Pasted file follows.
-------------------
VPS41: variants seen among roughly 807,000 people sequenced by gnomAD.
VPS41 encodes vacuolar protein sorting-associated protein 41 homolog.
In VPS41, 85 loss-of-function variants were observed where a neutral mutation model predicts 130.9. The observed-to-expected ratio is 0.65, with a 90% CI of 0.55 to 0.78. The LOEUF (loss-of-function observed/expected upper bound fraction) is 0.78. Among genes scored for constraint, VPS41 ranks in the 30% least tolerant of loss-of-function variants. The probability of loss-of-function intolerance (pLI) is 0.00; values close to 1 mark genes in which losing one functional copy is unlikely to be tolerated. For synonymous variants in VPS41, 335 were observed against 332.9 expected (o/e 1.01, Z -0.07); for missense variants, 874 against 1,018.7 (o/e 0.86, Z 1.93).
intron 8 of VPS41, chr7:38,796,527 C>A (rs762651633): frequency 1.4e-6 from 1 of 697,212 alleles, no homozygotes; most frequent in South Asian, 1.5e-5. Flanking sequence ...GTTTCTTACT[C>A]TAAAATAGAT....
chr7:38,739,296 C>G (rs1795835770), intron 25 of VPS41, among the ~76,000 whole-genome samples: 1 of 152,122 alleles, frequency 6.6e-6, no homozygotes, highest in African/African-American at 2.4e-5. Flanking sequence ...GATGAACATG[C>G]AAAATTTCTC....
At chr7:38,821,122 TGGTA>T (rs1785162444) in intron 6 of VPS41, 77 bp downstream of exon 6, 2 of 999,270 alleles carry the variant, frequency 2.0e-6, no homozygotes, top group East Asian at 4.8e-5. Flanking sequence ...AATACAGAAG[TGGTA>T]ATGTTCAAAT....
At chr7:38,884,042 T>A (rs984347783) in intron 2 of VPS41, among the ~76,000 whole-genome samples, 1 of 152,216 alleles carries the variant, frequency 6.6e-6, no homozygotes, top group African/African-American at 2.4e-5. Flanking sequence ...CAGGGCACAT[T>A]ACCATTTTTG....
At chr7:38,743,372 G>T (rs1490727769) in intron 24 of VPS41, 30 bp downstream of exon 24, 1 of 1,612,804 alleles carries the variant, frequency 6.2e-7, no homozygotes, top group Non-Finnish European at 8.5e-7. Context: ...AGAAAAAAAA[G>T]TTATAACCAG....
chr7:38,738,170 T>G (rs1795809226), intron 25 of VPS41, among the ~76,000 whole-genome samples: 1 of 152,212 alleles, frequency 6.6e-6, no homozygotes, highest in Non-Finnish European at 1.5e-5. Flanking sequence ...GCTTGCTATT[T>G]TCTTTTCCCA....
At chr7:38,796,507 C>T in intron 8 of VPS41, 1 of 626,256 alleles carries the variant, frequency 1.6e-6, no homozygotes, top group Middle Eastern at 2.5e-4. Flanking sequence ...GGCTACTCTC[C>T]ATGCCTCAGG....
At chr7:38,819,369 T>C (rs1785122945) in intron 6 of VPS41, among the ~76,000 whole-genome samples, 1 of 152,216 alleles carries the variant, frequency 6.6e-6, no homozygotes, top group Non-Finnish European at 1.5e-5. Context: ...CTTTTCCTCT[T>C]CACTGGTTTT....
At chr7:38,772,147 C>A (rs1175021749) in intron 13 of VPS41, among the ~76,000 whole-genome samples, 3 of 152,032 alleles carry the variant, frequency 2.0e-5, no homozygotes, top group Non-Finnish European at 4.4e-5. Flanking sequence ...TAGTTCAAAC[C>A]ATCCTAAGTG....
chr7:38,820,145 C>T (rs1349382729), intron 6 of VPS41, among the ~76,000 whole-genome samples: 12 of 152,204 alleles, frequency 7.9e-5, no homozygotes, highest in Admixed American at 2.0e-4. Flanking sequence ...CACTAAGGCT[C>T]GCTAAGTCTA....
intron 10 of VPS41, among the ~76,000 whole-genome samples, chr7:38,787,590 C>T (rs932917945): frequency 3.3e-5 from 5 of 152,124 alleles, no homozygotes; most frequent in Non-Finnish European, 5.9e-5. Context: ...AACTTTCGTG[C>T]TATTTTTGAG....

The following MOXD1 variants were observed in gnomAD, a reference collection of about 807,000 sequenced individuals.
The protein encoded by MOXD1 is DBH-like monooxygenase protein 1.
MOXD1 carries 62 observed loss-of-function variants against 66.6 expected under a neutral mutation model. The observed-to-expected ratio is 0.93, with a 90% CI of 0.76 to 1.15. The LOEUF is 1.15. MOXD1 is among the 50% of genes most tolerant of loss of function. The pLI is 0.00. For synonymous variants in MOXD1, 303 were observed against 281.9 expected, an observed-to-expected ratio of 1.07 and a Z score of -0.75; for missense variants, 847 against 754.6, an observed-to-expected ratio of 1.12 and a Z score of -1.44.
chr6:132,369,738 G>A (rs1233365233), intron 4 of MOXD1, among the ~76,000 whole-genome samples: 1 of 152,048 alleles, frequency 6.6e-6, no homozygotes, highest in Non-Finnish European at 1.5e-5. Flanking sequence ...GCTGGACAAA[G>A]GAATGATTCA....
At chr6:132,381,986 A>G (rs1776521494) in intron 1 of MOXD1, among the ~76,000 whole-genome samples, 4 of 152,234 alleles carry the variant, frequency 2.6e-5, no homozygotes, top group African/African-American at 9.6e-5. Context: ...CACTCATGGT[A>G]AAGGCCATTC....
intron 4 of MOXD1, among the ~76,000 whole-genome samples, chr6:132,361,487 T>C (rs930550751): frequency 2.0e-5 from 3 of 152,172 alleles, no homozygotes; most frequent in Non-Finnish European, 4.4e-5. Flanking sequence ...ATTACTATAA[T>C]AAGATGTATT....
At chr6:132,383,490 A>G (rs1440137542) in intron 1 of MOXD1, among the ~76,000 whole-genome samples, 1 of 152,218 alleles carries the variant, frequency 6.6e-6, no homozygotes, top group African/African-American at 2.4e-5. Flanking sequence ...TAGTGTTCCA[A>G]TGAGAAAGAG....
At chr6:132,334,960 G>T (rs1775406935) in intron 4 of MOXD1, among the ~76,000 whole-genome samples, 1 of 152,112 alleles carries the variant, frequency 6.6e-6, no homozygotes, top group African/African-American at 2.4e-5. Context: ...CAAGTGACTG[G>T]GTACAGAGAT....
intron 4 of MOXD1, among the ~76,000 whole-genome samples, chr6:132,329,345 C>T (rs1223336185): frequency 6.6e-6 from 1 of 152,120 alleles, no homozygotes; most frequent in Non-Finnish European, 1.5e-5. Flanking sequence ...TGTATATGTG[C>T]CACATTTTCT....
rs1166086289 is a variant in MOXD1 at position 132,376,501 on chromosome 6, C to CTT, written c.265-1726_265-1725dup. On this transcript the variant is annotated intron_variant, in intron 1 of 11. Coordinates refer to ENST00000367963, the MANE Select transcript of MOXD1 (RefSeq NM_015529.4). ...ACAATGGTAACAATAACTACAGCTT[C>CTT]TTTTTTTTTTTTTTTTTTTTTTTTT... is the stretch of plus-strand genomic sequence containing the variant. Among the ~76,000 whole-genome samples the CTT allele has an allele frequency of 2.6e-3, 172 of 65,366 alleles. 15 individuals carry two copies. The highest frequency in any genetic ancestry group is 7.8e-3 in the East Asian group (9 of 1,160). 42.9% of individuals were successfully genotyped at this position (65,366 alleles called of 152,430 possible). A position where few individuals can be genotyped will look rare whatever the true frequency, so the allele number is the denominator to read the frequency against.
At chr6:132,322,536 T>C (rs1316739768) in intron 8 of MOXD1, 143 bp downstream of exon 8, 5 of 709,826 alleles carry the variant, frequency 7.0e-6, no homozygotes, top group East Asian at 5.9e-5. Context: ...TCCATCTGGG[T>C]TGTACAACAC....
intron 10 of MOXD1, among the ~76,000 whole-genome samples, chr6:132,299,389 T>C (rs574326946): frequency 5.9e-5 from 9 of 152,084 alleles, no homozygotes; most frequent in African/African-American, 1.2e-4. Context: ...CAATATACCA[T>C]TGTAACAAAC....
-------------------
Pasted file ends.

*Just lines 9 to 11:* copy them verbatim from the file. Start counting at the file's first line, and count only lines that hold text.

chr7:38,738,170 T>G (rs1795809226), intron 25 of VPS41, among the ~76,000 whole-genome samples: 1 of 152,212 alleles, frequency 6.6e-6, no homozygotes, highest in Non-Finnish European at 1.5e-5. Flanking sequence ...GCTTGCTATT[T>G]TCTTTTCCCA....
At chr7:38,796,507 C>T in intron 8 of VPS41, 1 of 626,256 alleles carries the variant, frequency 1.6e-6, no homozygotes, top group Middle Eastern at 2.5e-4. Flanking sequence ...GGCTACTCTC[C>T]ATGCCTCAGG....
At chr7:38,819,369 T>C (rs1785122945) in intron 6 of VPS41, among the ~76,000 whole-genome samples, 1 of 152,216 alleles carries the variant, frequency 6.6e-6, no homozygotes, top group Non-Finnish European at 1.5e-5. Context: ...CTTTTCCTCT[T>C]CACTGGTTTT....